"Sometimes I feel like the world is a place I bought a ticket to."
Walking through the underground tunnels connecting the various Paris metros, is like reading the cultural section in a newspaper. Not only will you find Department stores, holiday destinations and dating sites advertised - these are always nicer to look at than the odd car ads - you'll also find billboards for theatres, exhibitions, shows and special events. Many a time I come home to buy a ticket online after having seen the advertisement in the metro.
This is how I came across Garry Winogrand's exhibit in the Jeu de Paume, an arts centre for modern and postmodern photography and media I have been meaning to visit since my arrival in Paris. It is located in the north corner of the Tuileries Gardens. Did you know that the Jeu de Paume was used from 1940 to 1944 to store Nazi plunder looted by the regime's Reichsleiter Rosenberg Taskforce in France?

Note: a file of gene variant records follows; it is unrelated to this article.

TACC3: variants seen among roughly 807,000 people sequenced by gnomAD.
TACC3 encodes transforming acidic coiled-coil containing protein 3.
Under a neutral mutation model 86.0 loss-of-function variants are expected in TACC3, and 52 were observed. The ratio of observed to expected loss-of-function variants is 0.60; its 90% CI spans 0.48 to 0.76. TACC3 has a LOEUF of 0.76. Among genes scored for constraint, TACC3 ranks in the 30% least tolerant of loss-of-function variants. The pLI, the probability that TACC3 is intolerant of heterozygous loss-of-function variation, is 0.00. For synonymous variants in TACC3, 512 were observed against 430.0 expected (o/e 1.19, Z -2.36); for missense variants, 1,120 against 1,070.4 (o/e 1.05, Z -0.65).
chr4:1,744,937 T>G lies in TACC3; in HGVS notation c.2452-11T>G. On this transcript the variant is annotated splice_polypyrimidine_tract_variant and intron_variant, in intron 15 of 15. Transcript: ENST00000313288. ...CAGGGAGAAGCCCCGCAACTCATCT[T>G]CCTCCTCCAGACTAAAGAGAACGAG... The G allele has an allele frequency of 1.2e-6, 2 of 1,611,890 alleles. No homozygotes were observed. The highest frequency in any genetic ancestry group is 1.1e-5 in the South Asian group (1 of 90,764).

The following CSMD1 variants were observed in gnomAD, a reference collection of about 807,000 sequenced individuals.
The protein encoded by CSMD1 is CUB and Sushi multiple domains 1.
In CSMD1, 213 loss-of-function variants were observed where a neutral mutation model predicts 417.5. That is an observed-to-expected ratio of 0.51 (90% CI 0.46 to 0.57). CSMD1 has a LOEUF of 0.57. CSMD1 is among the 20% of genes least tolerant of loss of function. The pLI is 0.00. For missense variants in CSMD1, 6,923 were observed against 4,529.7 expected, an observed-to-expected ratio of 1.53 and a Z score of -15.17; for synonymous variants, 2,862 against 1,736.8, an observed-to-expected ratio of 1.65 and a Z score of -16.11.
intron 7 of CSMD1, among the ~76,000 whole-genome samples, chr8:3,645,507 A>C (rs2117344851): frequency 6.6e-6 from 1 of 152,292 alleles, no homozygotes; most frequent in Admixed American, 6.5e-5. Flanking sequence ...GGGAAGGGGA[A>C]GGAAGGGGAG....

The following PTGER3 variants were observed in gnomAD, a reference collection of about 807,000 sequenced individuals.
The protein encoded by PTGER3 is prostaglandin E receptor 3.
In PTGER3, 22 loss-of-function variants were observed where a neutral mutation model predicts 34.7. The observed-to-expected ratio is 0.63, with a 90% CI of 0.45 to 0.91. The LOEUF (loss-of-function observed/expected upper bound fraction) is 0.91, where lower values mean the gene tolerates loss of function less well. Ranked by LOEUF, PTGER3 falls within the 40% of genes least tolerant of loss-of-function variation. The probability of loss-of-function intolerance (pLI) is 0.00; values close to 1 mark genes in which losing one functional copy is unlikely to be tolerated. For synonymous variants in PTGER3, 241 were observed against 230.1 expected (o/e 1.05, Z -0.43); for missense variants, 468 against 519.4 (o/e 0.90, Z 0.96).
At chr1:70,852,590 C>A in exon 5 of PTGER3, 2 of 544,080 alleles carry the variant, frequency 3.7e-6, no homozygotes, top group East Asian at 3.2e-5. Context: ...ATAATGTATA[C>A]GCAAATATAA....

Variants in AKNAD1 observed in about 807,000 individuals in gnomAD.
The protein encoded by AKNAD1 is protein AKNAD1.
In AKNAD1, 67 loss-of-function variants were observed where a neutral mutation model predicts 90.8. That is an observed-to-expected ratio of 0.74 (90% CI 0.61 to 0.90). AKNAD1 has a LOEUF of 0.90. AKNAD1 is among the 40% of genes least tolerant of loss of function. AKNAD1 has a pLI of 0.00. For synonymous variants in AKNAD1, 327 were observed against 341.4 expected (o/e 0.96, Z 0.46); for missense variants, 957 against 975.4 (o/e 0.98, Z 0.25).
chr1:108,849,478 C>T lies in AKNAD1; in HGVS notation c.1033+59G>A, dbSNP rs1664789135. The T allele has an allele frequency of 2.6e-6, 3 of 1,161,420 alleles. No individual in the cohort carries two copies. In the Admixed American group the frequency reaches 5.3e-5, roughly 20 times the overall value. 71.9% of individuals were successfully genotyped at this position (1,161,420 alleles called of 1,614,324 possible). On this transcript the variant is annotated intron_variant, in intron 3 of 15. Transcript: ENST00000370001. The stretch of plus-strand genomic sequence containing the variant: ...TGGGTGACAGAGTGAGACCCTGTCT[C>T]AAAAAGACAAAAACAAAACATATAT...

Anyway, back to Garry (1928–1984), a great American photographer, who chronicled America in the post-war years. Winogrand is still relatively unknown because he left his work unfinished at the time of his death, but he is unquestionably one of the masters of American street photography. Dying suddenly at the age of fifty-six, he left behind approximately 6,500 rolls of film (some 250,000 images) that he had never seen, as well as proof sheets from his earlier years that he had marked but never printed. Roughly half of the photographs in the exhibition have never been exhibited or published until now; over 100 have never before been printed.
My absolute favourite photo was the one below. If only pictures could talk, this shot would speak volumes!